National Ovarian Cancer Coalition Applauds Approval of Increased Funds to Department of Defense Ovarian Cancer Research Program
October 3 – On September 30, 2008, President Bush signed a funding measure that earmarked $20 million for the Department of Defense (DoD) Ovarian Cancer Research Program in FY 2009 – a landmark occasion for members of the National Ovarian Cancer Coalition (NOCC) and the ovarian cancer community who have been advocating for an increase in funding from the $10 million allocated in recent years.
NOCC Massachusetts Chapter President Barbara O’Brien, an ovarian cancer survivor, was one of many NOCC members petitioning for an increase in ovarian cancer funding to help improve the low survival rate of patients through research focused on early detection, screening and treatment.
“Because there is no screening tool available, an estimated 75 percent of patients are not diagnosed in the early stages,” said O’Brien. “In addition to improving early diagnosis, the increase in funding is critical to the research and discovery of new and effective treatment options for women with ovarian cancer.”
Ovarian cancer is the leading killer among women’s reproductive cancers. This year alone, more than 20,000 women will be diagnosed with ovarian cancer and more than 15,000 will die from it. Nevertheless, only 15 percent of women are familiar with the symptoms, and 82 percent have never talked to their doctor about the symptoms and risk factors of the disease, according to NOCC’s “Break the Silence” survey of more than 1,000 women.
Ovarian Cancer Symptoms and Risk Factors
In June 2007, NOCC, along with the Gynecologic Cancer Foundation and other national organizations announced the first national consensus on ovarian cancer symptoms. Women who have the following symptoms almost daily for more than a few weeks should see their gynecologist and ask for a rectovaginal exam and transvaginal ultrasound.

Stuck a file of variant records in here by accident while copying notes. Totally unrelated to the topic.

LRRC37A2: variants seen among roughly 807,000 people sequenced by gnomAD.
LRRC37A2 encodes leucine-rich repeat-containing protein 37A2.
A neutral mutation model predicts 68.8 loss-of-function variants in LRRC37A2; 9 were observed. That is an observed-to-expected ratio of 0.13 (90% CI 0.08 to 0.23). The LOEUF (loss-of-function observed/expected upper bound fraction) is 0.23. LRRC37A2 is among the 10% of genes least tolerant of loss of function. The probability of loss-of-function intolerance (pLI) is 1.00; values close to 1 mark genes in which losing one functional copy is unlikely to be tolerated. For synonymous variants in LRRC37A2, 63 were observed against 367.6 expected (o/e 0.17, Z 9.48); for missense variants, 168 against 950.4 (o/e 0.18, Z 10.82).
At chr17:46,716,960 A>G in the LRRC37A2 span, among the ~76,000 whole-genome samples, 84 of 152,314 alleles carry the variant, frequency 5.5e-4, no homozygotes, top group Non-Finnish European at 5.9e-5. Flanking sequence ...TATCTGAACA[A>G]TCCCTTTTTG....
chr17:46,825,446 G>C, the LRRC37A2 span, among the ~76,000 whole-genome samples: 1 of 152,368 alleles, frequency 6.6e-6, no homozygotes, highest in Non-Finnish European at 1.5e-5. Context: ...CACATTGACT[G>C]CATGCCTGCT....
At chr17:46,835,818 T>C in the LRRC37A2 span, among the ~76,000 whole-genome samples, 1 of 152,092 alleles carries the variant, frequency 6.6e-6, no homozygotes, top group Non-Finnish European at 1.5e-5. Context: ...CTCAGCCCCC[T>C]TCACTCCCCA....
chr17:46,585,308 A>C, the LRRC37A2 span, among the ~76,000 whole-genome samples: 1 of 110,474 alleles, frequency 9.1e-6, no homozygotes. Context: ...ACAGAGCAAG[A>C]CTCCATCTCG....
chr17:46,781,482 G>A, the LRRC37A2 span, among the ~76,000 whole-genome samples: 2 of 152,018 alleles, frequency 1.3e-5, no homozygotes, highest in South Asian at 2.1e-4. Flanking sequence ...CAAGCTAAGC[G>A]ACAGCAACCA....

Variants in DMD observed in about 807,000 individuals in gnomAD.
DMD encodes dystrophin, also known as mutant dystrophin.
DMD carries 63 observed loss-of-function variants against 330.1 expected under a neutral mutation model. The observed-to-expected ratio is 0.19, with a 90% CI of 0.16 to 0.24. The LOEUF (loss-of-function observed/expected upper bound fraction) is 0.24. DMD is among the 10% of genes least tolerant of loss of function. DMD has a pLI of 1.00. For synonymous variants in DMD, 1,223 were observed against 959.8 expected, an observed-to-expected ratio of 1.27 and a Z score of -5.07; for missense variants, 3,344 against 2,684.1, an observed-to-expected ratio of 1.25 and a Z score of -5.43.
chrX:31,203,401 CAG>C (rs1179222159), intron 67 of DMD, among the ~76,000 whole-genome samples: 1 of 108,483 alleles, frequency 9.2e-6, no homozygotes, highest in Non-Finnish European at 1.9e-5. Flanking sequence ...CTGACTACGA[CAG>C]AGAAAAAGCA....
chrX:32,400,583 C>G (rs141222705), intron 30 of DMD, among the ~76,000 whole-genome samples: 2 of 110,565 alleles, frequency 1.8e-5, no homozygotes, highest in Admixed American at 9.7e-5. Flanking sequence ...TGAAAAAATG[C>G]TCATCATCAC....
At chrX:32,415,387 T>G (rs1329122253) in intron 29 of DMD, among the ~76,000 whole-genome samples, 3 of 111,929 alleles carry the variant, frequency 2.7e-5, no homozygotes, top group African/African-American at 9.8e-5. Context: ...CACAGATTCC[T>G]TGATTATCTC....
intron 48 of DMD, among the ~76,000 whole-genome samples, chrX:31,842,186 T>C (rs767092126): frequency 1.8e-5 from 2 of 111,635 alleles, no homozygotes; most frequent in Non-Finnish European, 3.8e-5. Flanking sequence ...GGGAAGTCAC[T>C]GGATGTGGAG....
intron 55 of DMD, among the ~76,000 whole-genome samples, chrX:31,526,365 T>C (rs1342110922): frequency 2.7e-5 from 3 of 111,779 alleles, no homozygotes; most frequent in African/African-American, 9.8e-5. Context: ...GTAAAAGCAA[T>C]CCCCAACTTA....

The symptoms include:
» Pelvic or abdominal pain
» Trouble eating or feeling full quickly
» Feeling the need to urinate urgently or often
Common risk factors of the disease include genetic predisposition, personal or family history of breast, ovarian or colon cancer, increasing age and undesired infertility. If a woman’s risk factors fit any of these criteria, she should proactively inform her doctor.
Since its inception in 1995, the National Ovarian Cancer Coalition (NOCC) has been committed to raising awareness of ovarian cancer in communities across the country and to providing education and programs for women with ovarian cancer and their families. For more information on the “Break the Silence” campaign and to contact one of the NOCC local chapters, visit www.ovarian.org or call 1-888-OVARIAN.
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The National Ovarian Cancer Coalition is a 501 (c)(3) charitable organization that provides public education and awareness about ovarian cancer through a toll-free Help Line, local NOCC Chapters, comprehensive website, peer support, publications, and awareness/educational programs. NOCC’s mission is to raise awareness and promote education about ovarian cancer. The Coalition is committed to improving the survival rate and quality of life for women with ovarian cancer. For more information on the “Break the Silence” campaign and to contact one of the local NOCC Chapters, visit www.ovarian.org or call 1-888-OVARIAN.